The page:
Also how about new Delta vaccines? Pfizer has announce a new Delta variant vaccine which will start testing in August, though will take some time to assess its effectiveness and is perhaps the next pandemic challenge – to see how quickly this can be done. First results might be available in early winter. In short, the vaccination campaign will make a big difference to the winter, as it has to our experience of the Delta wave.

New treatments to the rescue?

A recent post from your truly lamented the lack of really effective treatments, but are things changing? Giving patients monoclonal antibodies like Regen-Cov can be effective, but hampered by the need for in-patient infusions and cost which limits its widespread use, more so in poorer nations.

The race for new treatments which in essence interfere with what viruses do – replicate – is most definitively on. Oral treatment with an antiviral which could be mass produced and given outside the hospital setting could be transformative and reduce pressure on hospitals which would signal an end to this phase of the pandemic.

How do they work? You can think of viral replication due to RNA as rather like zips unzipping and zipping up, using raw materials in the cell to add more and more teeth to the zips, which, when completed, contain the instructions for viral protein manufacture. Anything that interferes with this process could stop the virus in its tracks. You can insert the wrong teeth – like putting a spike in the zipping process akin to that annoying bad tooth in a stuck zip. Remdesivir does this. Or you can prevent the zip zipping by interfering with the enzymes which pull the whole process along.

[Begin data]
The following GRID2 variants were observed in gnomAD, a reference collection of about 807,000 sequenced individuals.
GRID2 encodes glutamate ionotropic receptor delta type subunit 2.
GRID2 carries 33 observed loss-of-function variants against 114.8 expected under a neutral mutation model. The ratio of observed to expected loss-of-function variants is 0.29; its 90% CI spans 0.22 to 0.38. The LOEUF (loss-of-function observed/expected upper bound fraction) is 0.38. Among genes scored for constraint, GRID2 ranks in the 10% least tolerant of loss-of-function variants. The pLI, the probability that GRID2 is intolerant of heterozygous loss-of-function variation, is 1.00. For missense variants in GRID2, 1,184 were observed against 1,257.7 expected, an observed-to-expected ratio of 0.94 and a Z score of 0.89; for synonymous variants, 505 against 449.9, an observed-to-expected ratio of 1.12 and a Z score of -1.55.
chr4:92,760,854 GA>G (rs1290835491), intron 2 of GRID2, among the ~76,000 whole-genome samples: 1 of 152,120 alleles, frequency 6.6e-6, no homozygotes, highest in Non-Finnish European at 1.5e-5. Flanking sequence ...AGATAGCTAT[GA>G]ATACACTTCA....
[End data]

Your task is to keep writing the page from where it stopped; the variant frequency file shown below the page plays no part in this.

Ok, this is DNA, but the key for treatment is to block viral replication by interfering with copying RNA

The new kid on the block is molnupiravir. This inserts a false building block into viral RNA which while allowing unzipping, wreaks havoc thereafter, rather like mixing up the vowels in a short story. Merck, its manufacturer, reports a 50% decrease in risk of hospitalisation if given early to at risk people. In other words, not as much as the 70% from monoclonals targeted at the same high risk group, but with far more practicality. This is hopeful.

It also costs a bit less – even with excess profiteering – its $700 a treatment clearly overshadows the estimated $17 is costs to make. It is a pill, which is a big advantage on Remdesivir, which cuts hospital admission by 87%, but has to be given in three in patient infusions, so remains impractical for most of the world.

Astra Zenicas new monoclonal called AZD7442 consists of two antibodies derived from COVID survivors and is lies somewhere in between. It needs to be given intramuscularly, so it can be simply given in out patients. In a small phase 3 trial the risk of death or hospitalisation was reduced by over half. Larger trials are awaited, as is peer review as so many of these newer medications are announced to the world by drug company press release.